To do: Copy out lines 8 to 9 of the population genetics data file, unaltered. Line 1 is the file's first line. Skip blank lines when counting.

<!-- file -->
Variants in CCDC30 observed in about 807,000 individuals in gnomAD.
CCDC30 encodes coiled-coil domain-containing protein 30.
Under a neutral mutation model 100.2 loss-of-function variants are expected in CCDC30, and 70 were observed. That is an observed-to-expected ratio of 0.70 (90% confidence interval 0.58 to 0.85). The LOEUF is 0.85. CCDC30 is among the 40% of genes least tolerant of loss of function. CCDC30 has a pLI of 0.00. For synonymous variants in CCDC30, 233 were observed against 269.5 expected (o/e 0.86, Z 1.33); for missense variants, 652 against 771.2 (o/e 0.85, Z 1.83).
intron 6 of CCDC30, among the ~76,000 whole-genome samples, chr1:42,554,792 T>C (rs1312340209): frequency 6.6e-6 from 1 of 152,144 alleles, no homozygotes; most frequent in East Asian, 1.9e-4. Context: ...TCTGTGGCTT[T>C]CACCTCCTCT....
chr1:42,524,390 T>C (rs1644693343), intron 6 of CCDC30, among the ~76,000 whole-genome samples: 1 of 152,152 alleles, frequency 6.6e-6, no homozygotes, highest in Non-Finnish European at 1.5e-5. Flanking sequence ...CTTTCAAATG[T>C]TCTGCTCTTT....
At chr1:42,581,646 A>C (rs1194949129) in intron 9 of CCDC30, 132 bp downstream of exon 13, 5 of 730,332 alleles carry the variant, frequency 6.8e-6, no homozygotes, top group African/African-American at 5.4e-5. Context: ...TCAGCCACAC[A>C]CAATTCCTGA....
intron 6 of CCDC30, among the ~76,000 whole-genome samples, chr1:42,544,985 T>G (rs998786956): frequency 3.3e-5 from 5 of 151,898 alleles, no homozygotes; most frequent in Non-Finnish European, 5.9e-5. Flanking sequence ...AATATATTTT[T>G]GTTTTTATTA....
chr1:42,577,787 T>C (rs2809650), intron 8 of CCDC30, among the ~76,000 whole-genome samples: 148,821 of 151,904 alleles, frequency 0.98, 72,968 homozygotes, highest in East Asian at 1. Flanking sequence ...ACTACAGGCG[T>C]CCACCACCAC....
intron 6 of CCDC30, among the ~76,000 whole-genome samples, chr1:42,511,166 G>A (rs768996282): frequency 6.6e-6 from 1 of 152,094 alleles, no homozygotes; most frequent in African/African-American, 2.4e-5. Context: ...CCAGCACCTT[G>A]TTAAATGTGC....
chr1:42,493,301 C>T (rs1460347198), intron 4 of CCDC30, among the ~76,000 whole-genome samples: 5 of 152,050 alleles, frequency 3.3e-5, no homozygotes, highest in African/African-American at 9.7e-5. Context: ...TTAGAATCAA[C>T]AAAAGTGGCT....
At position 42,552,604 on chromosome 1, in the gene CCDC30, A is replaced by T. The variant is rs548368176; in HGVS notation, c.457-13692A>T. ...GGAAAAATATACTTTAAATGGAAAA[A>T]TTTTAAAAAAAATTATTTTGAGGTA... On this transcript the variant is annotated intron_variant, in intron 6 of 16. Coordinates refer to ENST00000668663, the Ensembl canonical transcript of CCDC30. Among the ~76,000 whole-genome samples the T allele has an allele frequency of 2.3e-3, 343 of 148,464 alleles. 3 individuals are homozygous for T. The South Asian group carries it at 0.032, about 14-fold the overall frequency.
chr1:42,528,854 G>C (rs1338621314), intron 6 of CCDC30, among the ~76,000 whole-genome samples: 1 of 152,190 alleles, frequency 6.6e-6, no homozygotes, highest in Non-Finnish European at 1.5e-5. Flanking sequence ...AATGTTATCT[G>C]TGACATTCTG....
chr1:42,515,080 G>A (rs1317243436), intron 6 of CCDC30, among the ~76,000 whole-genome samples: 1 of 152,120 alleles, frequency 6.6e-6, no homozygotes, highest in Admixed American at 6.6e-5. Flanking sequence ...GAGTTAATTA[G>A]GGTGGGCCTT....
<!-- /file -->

chr1:42,577,787 T>C (rs2809650), intron 8 of CCDC30, among the ~76,000 whole-genome samples: 148,821 of 151,904 alleles, frequency 0.98, 72,968 homozygotes, highest in East Asian at 1. Flanking sequence ...ACTACAGGCG[T>C]CCACCACCAC....
intron 6 of CCDC30, among the ~76,000 whole-genome samples, chr1:42,511,166 G>A (rs768996282): frequency 6.6e-6 from 1 of 152,094 alleles, no homozygotes; most frequent in African/African-American, 2.4e-5. Context: ...CCAGCACCTT[G>A]TTAAATGTGC....